“Net zero 2050” is the big story in climate politics this year, leading up to the global policymaking festival, the 26th Conference of the Parties, in Glasgow this year from 1–12 November. The question is whether it is a good story.
That’s the subject of a new Briefing Note, just released by the Breakthrough National Centre for Climate Restoration, and available here.
Net zero pledges are everywhere. The goal of “Net zero 2050” (NZ2050) greenhouse gas emissions is centre stage leading up to Glasgow. A majority of nations support the goal, as do many global corporations including fossil fuel producers such as Shell, BP and Exxon, investors and, in Australia, the major business lobby groups.
But NZ2050 is not just a goal, it also represents a strategy: it is a contested space about the energy mix, the pace of change and economic and social pathways to 2050. A number of high profile NZ2050 scenarios have been produced, including by the Intergovernmental Panel on Climate Change, the International Energy Agency and the central bankers’ and financial regulators Network for Greening the Financial System. Some of their scenarios have up to 50% of primary energy coming from fossil fuels by 2050! Others rely on technologies not yet deployed at scale, such as BECCS, for 20% of energy by 2050. The scenarios are a veritable show bag of technocratic dreaming, gas expansion and assumptions about economic growth unconcerned by material resource limits.
NZ2050 also lacks short-term ambition. Despite the growing enthusiasm for this seemingly positive development, a global stocktake of net zero plans finds 80% fail to meet a minimum set of robustness criteria and lack substance and short-term ambition, leading to greenwashing and marketing deception, says Ketan Joshi, writing for Renew Economy, and a catastrophic failure to form action that will provide meaningful protection.
When advocates support NZ2050 they are tacitly supporting a dangerous agenda leading up to COP 26 in Glasgow that will codify an unsustainable pathway with continuing high fossil fuel use, dangerous “offset” trade-offs, and unacceptable risks of unstoppable climate warming.
Long-term targets are an excuse for procrastination. The short-term matters most: “What we do in the next 3-4 years, I believe, will determine the future of humanity,” says former UK Chief Scientist Sir David King. He says emergency action to cool and protect the most vulnerable climate and ecosystems is vital. Failure to do so right now may make long-term targets irrelevant if cascades of system-level changes are triggered, for example in the Arctic.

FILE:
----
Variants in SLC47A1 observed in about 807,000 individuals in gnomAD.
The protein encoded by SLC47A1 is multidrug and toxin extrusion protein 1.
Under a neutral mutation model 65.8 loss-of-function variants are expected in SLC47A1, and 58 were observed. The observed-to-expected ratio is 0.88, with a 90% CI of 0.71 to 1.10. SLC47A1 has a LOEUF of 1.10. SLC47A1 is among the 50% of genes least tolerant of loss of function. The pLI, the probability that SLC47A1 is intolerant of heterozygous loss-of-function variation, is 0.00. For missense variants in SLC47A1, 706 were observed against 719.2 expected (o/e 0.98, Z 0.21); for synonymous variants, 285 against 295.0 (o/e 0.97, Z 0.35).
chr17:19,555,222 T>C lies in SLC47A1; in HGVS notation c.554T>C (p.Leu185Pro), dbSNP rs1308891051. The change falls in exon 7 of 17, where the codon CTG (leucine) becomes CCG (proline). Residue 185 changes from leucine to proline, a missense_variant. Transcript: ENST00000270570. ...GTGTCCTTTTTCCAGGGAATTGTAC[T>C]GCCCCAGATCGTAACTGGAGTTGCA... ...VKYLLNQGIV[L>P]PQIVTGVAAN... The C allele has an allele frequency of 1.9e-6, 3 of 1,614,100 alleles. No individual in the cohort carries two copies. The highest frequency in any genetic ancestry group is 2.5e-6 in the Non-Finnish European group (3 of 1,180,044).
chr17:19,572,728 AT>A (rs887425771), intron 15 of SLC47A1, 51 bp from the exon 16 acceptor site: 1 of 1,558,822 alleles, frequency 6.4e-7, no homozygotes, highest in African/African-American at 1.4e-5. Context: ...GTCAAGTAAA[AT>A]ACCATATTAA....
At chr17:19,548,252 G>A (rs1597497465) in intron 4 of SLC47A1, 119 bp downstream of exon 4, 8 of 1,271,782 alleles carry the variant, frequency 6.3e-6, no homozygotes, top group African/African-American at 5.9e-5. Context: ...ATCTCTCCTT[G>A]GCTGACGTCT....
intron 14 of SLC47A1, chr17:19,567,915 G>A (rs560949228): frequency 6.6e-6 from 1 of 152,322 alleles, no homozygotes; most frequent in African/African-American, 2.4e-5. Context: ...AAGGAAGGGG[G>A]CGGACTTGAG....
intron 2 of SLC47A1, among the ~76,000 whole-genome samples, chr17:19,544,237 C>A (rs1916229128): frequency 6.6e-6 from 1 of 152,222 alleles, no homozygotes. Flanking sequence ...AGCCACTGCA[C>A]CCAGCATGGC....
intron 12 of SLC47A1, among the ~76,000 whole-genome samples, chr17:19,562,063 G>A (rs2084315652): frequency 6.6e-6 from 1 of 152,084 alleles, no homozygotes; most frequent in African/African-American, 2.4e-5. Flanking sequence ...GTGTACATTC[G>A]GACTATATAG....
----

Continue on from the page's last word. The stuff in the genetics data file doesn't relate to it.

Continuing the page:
So what did our Briefing Note find? Here is the summary:
- “Net zero 2050” emissions (NZ2050) is not just a goal, but a strategy for COP26 to lock in many decades of unnecessary fossil fuels use well past 2050, with an unsustainable, business-and growth-as-usual economic pathway, dangerous “offset” trade-offs, and unacceptable risks of unstoppable climate warming.
- NZ2050 scenarios being promoted by the world’s central bankers have up to 50% of primary energy use coming from fossil fuels in 2050, “offset” by use of unreliable carbon accounting and land-based measures — including bio-energy — which impinge upon and may decrease land for cropping even as demand for food increases by half over the next 30 years This agenda is supported by the fossil fuel industry and by “climate activist” investor groups.
- Long-term targets are an excuse for procrastination. The short-term matters most. Emergency action to cool and protect the most vulnerable climate and ecosystems is vital. Failure to do so right now may make long-term targets irrelevant if cascades of system-level biophysical changes are triggered.
- At the present level of warming of 1.2°C, climate change is already dangerous, with some system-level tipping points already crossed and others dangerously close. A return to the safe climate conditions of the Holocene requires rapid decarbonisation and drawing down atmospheric carbon dioxide to more stable levels. The policy aim must be “a big minus” in emissions, not “net zero” emissions.
- Saying NZ2050 is “the best we can do” is caving into an unsustainable and dangerous future, and giving up on protecting major Earth systems and ecologies. The NZ2050 scenarios will not save the world’s coral reefs, nor stop rapid and devastating Arctic change nor prevent the inundation of low-lying small island states, or the triggering of societal collapse in parts of the world.
In researching NZ2050, I was indebted to the climatologists who have shone a light into this dark corner. Most notable was a very widely-read article in The Conversation by James Dyke, Robert Watson and Wolfgang Knorr on 21 April this year:
“We have arrived at the painful realisation that the idea of net zero has licensed a recklessly cavalier ‘burn now, pay later’ approach which has seen carbon emissions continue to soar… The time has come to voice our fears and be honest with wider society. Current net zero policies will not keep warming to within 1.5°C because they were never intended to. They were and still are driven by a need to protect business as usual, not the climate. If we want to keep people safe then large and sustained cuts to carbon emissions need to happen now.”
It was titled: “Climate scientists: concept of net zero is a dangerous trap”. Too true.